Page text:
NEWS RELEASE

DRIVERS BE AWARE, MOTORCYCLES ARE OUT THERE

Electronic Highway Signs Remind Drivers and Motorcyclists to Share the Road

(September 17, 2009) - As fall arrives, motorcyclists are enjoying the cooler weather and heading out onto the streets in greater numbers – and drivers need to be aware and look twice for them.  More than half of drivers involved in motorcycle crashes are at fault in those crashes, on average. 

After dramatic increases between 2004 and 2007, motorcyclist fatalities declined overall in 2008.  Although the number of single-vehicle motorcycle fatalities decreased significantly last year, the number of motorcyclists killed in crashes with other motor vehicles increased slightly.

“The data tells us that we need to do more to educate drivers on sharing the road safely with motorcycles. Drivers have a responsibility in motorcyclists’ safety,” says Neil J. Pedersen, Maryland State Highway Administrator and Governor’s Highway Safety Representative.  “Drivers need to be alert and look twice for motorcycles when turning left, changing lanes, and pulling out from side streets.  Failing to yield the right of way to a motorcyclist is a life and death matter.”

Eight out of ten police-reported motorcycle crashes result in the injury of a motorcycle rider. Drivers who fail to yield the right of way and contribute to a crash that results in the death or serious bodily injury face a possible $1000 fine and up to 180-day license suspension.

In 2008, a total of 84 people were killed in motorcycle crashes, down from 96 in 2006. Fatalities in motorcycle-only crashes in which another vehicle was not involved decreased by nearly half, from 41 in 2007 to 26 in 2008. At the same time, fatalities in motorcycle crashes involving another motor vehicle increased from 55 in 2007 to 57 in 2008.

Thousands of motorcyclists will be taking to Maryland’s highways this weekend to participate in DelMarVa Bike Week, Maryland’s largest motorcycle event. Tens of thousands of motorcyclists are expected to visit Maryland’s Eastern Shore to participate in the event’s activities.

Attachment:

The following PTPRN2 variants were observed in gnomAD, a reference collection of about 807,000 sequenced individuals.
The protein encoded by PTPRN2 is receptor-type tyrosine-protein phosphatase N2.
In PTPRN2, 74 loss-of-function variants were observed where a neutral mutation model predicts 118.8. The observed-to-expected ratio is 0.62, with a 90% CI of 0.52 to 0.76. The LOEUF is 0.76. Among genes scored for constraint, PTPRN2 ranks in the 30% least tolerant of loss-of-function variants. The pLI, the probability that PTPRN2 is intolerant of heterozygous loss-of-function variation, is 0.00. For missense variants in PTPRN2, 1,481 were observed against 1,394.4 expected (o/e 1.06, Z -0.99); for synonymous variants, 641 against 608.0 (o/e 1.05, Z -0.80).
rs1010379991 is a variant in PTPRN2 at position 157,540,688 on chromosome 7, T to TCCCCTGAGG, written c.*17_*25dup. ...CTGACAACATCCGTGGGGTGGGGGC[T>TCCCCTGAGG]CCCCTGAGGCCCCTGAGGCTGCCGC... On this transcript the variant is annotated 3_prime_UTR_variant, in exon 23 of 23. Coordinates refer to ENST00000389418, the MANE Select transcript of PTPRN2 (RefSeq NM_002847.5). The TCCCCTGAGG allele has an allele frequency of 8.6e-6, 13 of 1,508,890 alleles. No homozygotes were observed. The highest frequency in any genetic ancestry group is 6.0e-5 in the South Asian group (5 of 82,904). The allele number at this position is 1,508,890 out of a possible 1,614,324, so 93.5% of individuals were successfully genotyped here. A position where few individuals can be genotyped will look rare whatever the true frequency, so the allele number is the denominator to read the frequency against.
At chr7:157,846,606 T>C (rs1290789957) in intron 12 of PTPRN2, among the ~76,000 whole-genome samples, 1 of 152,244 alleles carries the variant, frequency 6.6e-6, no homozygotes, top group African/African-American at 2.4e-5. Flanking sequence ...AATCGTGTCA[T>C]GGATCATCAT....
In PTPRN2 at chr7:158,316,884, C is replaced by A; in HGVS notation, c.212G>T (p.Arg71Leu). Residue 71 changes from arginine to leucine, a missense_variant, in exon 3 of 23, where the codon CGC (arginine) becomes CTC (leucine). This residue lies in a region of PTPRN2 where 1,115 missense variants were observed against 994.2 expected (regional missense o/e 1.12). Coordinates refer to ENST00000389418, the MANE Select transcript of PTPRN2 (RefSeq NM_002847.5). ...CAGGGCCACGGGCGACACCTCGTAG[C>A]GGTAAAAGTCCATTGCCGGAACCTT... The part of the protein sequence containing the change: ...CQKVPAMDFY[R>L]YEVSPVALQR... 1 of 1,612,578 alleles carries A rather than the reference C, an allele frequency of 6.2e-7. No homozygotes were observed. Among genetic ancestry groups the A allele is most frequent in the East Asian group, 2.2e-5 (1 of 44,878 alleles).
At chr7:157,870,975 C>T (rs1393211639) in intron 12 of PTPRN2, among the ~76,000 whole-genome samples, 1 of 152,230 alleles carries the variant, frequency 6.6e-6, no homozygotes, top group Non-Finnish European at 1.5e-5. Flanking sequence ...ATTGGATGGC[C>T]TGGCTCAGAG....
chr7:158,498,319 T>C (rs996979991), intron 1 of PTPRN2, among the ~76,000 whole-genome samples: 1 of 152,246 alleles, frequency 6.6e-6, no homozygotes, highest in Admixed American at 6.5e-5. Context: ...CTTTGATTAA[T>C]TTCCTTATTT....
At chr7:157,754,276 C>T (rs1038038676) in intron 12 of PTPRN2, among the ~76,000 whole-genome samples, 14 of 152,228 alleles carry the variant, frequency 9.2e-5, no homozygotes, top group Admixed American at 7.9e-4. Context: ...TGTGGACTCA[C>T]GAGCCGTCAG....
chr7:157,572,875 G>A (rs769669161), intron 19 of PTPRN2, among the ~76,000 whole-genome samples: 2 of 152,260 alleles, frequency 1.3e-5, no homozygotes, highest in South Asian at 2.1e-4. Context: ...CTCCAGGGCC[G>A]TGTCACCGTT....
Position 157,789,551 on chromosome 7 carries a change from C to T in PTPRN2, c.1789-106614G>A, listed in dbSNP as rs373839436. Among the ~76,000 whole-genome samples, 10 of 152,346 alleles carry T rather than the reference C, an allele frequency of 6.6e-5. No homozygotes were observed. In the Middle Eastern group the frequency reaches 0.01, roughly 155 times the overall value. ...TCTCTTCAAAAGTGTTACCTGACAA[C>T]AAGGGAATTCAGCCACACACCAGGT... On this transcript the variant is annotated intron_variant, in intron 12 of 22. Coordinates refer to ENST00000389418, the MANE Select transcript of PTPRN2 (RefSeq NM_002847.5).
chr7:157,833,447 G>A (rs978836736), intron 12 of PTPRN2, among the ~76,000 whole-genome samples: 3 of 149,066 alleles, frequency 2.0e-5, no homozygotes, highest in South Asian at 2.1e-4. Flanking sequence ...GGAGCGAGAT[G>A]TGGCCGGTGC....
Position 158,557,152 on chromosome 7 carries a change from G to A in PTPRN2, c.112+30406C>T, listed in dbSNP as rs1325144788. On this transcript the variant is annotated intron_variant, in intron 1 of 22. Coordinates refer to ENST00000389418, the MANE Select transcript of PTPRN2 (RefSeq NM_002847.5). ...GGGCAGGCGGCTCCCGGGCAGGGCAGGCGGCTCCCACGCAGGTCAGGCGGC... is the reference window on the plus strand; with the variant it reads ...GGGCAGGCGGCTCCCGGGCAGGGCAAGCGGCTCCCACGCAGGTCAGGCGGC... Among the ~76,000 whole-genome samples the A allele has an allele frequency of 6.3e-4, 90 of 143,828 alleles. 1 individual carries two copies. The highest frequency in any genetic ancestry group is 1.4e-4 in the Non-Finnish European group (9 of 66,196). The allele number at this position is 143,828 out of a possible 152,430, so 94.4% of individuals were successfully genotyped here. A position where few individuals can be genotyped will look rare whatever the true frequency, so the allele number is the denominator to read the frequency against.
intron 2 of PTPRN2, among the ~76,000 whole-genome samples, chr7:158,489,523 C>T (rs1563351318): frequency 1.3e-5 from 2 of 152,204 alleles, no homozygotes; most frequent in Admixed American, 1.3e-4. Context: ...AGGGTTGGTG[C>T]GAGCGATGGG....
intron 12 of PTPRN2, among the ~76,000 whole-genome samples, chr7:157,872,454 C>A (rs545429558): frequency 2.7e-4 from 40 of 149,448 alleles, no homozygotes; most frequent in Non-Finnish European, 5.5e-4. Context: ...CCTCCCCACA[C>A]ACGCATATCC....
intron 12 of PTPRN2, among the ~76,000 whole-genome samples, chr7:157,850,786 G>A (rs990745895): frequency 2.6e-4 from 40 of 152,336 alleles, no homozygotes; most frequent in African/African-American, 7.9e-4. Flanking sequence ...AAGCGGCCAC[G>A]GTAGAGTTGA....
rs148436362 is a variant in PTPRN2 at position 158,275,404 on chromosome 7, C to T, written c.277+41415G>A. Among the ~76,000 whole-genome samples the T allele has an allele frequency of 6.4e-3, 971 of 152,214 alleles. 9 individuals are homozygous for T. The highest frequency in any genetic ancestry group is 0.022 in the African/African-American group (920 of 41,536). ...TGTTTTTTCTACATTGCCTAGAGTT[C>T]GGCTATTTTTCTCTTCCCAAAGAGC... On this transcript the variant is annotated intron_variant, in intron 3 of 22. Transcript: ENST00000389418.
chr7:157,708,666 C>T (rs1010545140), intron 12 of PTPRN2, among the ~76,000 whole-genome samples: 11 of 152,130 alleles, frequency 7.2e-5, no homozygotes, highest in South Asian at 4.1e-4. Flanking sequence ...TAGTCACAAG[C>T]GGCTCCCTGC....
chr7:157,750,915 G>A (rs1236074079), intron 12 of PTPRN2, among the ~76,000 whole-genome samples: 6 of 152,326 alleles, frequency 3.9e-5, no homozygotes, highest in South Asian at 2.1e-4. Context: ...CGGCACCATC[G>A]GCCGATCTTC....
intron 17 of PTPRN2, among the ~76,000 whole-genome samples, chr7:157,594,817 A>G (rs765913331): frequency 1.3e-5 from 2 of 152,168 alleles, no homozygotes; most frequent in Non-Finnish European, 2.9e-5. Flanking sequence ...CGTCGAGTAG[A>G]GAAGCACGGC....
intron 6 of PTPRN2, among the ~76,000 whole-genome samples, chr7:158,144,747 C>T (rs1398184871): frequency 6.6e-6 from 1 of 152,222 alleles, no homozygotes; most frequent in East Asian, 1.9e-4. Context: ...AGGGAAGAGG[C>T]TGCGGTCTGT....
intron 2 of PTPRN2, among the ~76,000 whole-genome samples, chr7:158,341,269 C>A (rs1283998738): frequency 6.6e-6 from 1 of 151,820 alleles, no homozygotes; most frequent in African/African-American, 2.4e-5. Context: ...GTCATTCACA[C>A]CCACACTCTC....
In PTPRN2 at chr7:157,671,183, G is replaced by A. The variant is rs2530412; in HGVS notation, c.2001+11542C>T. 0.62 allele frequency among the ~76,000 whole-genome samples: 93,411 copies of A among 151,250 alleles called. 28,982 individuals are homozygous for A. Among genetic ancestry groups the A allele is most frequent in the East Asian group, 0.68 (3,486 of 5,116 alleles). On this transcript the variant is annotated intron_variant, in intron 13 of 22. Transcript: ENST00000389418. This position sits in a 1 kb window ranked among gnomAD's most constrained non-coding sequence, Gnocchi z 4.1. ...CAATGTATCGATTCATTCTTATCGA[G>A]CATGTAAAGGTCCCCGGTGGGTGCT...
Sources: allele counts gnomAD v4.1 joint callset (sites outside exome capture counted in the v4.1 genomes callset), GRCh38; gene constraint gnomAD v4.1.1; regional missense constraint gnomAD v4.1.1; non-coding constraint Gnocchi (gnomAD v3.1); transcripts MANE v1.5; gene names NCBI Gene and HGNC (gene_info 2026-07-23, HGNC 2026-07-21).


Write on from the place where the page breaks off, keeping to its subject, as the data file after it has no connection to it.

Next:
SHA and the Maryland Motor Vehicle Administration Motorcycle Safety Program have teamed up to provide tips to motorists on how to share the road with motorcycles as a part of the Choose Safety for Life traffic safety campaign:

Driving around motorcyclists Drivers tend to look for other cars, not motorcycles. More than half of car-motorcycle crashes are caused by drivers, not motorcyclists. It is difficult to estimate a motorcycle’s speed and because motorcycles are small, they are sometimes hard to see.

Advice to drivers
• Respect the motorcyclist. Motorcycles are vehicles with the same privileges as any vehicle on the roadway. Give the motorcyclist a full lane of travel.
• Be on the look out for motorcycles – and look twice before turning or pulling out.
• Give motorcyclists plenty of space. Traffic, weather and road conditions require motorcyclists to react and maneuver differently than the vehicle driver.
• Be courteous. Being courteous, non-aggressive & cooperative can go a long way in reducing crashes.
For more information and materials on traffic safety, including sharing the road with motorcycles, visit choosesafetyforlife.com and look for Share the Road. The education campaign also xtends to cyclists, particularly with respect to guiding motorcyclists to seek proper training.  The Maryland Vehicle Administration (MVA) offers both beginner and advanced training; more information is available at www.mva.maryland.gov.
Advice to motorcyclists
• Ride so you are seen. Use lane positioning to be seen. Ride with your headlight on and consider using a modulating headlight.
• Give yourself space and time to react. Allow space for emergency braking. Make lane moves gradually.
• Wear the proper gear. The proper equipment, including a motorcycle helmet, will protect you in the event of a crash, and reflective material will enhance your visibility to other motorists.
• Signal your intentions. Signal before changing lanes. Avoid weaving between lanes. Flash your brake light when you are slowing down and before stopping.
• Be courteous and respect other motorists - Ride responsibly. Remember, how you ride can affect drivers' attitude toward all motorcyclists.

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